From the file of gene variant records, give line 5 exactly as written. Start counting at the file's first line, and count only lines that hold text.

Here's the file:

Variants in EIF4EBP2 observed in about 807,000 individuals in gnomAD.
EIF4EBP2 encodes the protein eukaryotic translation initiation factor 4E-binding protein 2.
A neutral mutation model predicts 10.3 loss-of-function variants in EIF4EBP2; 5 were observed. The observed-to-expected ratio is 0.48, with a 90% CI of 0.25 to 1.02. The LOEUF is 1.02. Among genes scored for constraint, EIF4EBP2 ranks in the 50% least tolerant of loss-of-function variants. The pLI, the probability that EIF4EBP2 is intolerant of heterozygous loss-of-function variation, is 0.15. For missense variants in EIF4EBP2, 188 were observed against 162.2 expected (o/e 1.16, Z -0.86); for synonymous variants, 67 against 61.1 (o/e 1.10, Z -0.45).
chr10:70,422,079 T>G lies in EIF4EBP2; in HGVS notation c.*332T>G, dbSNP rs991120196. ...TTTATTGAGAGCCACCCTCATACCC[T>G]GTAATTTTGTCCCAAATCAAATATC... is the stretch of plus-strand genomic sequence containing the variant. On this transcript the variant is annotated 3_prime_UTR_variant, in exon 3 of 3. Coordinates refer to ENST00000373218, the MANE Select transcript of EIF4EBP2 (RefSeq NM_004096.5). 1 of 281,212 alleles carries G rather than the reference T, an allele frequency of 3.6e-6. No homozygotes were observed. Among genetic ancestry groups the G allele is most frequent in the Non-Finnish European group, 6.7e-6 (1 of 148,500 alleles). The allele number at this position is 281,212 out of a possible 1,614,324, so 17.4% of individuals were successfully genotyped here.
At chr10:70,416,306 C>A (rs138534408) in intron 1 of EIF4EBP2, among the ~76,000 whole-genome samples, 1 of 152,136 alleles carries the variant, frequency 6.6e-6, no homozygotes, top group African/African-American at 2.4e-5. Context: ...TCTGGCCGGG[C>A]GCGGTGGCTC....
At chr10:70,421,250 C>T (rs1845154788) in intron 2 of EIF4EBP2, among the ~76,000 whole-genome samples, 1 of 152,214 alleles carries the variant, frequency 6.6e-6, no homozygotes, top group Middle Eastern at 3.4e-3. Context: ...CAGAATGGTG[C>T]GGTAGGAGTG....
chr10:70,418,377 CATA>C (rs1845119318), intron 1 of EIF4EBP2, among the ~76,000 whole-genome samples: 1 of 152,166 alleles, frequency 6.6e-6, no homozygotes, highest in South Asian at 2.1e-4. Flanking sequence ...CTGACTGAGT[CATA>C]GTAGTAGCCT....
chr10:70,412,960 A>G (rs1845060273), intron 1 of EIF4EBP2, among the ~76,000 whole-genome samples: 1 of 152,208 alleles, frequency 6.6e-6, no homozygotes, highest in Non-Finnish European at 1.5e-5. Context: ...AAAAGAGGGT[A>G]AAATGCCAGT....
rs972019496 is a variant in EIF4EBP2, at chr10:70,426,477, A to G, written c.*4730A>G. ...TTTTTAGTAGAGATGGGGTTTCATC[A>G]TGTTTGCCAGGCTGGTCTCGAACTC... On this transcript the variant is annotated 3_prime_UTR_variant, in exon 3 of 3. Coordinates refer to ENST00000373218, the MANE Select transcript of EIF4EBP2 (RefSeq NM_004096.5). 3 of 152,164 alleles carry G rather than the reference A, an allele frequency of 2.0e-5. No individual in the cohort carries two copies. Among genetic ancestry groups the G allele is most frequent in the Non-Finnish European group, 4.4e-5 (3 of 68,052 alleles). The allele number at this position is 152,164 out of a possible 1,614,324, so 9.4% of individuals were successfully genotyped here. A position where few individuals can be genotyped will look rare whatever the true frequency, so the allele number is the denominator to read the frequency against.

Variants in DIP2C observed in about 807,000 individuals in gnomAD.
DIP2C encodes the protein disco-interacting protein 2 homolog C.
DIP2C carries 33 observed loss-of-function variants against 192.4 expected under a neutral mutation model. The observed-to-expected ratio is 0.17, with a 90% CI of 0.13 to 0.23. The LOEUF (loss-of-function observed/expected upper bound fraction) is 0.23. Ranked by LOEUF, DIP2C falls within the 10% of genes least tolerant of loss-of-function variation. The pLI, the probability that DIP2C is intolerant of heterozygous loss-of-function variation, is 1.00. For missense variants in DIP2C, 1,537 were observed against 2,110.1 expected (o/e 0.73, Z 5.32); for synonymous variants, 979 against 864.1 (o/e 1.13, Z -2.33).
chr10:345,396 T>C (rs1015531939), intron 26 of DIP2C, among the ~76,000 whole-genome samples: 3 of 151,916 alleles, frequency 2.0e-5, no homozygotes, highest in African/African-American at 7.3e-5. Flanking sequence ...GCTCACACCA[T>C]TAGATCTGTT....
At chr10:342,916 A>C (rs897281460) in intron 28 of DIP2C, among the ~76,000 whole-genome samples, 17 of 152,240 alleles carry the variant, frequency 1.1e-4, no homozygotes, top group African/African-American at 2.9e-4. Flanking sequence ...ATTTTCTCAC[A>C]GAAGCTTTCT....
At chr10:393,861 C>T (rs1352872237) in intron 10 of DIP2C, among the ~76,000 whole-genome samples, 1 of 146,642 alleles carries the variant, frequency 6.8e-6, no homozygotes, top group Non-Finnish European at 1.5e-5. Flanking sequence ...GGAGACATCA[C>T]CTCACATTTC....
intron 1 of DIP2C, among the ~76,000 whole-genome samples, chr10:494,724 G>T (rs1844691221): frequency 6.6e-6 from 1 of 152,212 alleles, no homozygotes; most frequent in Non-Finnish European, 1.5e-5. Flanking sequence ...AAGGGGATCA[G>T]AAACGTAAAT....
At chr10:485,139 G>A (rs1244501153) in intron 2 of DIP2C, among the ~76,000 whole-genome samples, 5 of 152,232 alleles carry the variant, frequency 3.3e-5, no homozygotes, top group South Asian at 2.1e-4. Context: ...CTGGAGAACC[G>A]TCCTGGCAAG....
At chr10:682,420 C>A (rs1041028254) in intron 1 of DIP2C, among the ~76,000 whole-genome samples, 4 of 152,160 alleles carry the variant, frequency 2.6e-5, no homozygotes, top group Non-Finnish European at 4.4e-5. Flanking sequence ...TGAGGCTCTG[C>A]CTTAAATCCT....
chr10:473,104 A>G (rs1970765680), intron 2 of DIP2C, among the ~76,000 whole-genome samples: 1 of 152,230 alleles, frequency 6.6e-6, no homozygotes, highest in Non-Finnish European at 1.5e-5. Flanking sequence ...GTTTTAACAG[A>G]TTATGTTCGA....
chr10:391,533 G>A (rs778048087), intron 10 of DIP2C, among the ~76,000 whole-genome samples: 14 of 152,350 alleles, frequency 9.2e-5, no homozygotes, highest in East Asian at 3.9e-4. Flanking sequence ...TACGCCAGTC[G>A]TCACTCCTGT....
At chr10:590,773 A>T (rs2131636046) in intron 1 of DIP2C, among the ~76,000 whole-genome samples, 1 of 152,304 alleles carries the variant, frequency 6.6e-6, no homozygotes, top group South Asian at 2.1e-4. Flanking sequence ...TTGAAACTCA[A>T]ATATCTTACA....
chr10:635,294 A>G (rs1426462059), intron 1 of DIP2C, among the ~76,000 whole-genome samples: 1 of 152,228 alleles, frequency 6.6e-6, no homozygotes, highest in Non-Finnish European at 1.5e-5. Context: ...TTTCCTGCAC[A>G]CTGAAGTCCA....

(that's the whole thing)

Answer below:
At chr10:70,416,306 C>A (rs138534408) in intron 1 of EIF4EBP2, among the ~76,000 whole-genome samples, 1 of 152,136 alleles carries the variant, frequency 6.6e-6, no homozygotes, top group African/African-American at 2.4e-5. Context: ...TCTGGCCGGG[C>A]GCGGTGGCTC....